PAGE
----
Bigger campaign spending pays off, Albuquerque voters say no to late term abortion ban

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November 20, 2013

Updated: November 21, 2013

Total campaign cash Campaign Finance Ballotpedia.png
as of November 15, 2013
Category:Ballot measure endorsements Support: $183,336.71
Circle thumbs down.png Opposition: $712,459.18

By Josh Altic

Yesterday featured a historic election on the abortion issue. Albuquerque voters rejected an initiative that would have banned abortion procedures after 20 weeks of pregnancy. If this measure had been approved by voters, it would have made Albuquerque the first city to ban abortions after 20 weeks and would shut down the Southwestern Women's Options clinic, which is one of the few clinics in the nation that offers late term abortions during or after the sixth month of pregnancy. While many states have passed similar legislation, this is the first attempt to ban abortions after 20 weeks on the municipal level, making yesterday's election unique. Although this was a local measure, it would have had state and even nation wide effects, as women from many areas often travel to the Southwestern Women's Options clinic in Albuquerque to have a late term abortion procedure.[1]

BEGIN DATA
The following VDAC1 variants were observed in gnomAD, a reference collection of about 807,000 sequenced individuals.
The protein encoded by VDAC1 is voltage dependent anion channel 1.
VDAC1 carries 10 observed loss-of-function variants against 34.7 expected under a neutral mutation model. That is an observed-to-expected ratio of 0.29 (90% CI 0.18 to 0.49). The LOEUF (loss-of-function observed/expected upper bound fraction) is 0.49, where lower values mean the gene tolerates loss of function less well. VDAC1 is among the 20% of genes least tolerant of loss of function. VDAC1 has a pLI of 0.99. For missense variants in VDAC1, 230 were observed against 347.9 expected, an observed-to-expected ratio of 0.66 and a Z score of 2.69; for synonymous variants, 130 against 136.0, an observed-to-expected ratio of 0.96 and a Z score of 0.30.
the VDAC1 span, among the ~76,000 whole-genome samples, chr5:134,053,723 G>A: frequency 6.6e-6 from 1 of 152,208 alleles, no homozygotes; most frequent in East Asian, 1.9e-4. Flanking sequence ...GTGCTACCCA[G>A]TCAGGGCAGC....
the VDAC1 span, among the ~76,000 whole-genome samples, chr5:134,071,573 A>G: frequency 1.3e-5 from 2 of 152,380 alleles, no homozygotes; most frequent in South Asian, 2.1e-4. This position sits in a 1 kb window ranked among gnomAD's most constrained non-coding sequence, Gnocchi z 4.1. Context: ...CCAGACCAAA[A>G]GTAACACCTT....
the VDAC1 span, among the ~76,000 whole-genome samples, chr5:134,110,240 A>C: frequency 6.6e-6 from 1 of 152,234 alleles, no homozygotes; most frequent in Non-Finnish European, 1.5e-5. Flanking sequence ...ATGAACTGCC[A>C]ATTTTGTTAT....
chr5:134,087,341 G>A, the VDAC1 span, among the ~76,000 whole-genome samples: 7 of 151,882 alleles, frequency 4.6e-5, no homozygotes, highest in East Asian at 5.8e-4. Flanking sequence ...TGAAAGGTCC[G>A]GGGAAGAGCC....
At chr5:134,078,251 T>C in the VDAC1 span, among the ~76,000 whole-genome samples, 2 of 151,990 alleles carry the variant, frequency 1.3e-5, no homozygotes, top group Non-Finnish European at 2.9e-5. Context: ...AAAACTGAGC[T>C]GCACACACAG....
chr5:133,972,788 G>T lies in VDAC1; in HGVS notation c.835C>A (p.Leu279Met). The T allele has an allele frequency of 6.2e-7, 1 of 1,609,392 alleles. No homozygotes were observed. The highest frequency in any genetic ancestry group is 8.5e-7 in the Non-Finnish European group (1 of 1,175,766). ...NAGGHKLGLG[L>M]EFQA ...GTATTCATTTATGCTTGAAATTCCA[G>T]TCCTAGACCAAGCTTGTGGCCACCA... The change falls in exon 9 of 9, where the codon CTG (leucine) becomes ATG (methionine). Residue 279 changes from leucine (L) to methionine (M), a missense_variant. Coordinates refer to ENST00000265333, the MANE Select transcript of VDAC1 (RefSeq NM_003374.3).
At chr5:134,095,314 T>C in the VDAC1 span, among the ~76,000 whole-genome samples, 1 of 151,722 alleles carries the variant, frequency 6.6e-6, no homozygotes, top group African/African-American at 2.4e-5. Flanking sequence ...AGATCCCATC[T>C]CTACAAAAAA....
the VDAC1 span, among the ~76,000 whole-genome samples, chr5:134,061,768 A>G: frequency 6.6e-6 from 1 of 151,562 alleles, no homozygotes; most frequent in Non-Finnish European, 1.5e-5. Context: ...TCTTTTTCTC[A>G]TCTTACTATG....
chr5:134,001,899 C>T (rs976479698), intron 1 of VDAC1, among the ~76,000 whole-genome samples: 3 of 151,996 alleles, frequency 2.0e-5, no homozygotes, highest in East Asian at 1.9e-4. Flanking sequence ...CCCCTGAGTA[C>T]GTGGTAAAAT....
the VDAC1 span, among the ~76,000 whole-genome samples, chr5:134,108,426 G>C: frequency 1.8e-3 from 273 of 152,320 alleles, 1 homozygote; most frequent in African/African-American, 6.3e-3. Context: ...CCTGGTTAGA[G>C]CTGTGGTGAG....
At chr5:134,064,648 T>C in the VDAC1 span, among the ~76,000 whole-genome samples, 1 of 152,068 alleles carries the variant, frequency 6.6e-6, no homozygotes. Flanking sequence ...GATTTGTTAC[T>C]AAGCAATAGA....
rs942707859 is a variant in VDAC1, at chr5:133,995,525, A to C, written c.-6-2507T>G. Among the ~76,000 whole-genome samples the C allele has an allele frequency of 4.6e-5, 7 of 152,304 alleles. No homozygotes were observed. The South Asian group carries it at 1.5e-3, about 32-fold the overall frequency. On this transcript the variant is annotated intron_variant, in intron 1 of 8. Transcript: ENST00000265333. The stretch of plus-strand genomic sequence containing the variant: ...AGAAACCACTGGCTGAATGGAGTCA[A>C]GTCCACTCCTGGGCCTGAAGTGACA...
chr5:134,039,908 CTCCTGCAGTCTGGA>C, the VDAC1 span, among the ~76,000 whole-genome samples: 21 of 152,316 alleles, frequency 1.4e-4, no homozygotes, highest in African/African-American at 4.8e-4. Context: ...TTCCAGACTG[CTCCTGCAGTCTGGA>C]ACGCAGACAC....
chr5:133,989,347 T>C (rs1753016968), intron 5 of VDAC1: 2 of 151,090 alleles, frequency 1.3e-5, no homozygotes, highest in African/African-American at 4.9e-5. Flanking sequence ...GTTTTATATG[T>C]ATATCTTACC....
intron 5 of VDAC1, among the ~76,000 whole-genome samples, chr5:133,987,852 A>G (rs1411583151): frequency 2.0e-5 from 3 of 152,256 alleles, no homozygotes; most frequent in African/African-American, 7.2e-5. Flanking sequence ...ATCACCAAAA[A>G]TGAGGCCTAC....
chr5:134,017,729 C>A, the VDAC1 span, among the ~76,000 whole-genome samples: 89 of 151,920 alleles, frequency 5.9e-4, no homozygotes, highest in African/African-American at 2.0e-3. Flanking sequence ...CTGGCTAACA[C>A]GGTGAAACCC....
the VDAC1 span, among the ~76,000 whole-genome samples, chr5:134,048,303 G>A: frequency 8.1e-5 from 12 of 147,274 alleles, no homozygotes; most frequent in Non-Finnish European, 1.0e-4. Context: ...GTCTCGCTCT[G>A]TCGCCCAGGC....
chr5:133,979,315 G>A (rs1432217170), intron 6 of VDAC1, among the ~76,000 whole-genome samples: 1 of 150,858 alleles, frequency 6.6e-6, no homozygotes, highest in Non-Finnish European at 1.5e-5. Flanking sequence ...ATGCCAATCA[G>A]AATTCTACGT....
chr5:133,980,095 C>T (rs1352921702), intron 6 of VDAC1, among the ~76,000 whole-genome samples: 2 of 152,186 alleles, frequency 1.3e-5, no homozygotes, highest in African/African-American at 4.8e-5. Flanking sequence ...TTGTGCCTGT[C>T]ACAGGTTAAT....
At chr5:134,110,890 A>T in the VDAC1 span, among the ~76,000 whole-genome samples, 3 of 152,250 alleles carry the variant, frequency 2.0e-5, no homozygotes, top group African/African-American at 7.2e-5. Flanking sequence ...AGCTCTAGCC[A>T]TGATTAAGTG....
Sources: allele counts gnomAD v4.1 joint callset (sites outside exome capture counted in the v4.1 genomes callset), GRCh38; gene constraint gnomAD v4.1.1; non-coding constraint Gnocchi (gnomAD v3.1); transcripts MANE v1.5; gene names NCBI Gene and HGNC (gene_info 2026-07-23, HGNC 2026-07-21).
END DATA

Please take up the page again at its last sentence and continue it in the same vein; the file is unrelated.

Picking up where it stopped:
Although polling done by the Albuquerque Journal in early September showed 54% of voters were likely to support the initiative, the measure lost at the polls by just a little more than that majority, with 55.3% of voters saying "no" according to the current unofficial vote count. Some have tried to explain this shift in apparent voter position on the issue through the heavily unequal campaign spending seen from each side of the campaign. As of November 20, campaign finance reports showed the campaign in opposition to the abortion ban with a war chest of a little over $700,000, while the initiative supporters had collected $183,336. Moreover, donors on both sides of the issue were not restricted to local groups. Main contributors to the "No" campaign include Planned Parenthood organizations from several states, which donated a total of $344,655, and the New Mexico ACLU, which donated $245,000. The "Yes" campaign has seen its largest donations from the Susan B. Anthony List, a national pro-life organization, and from residents of Albuquerque.[2]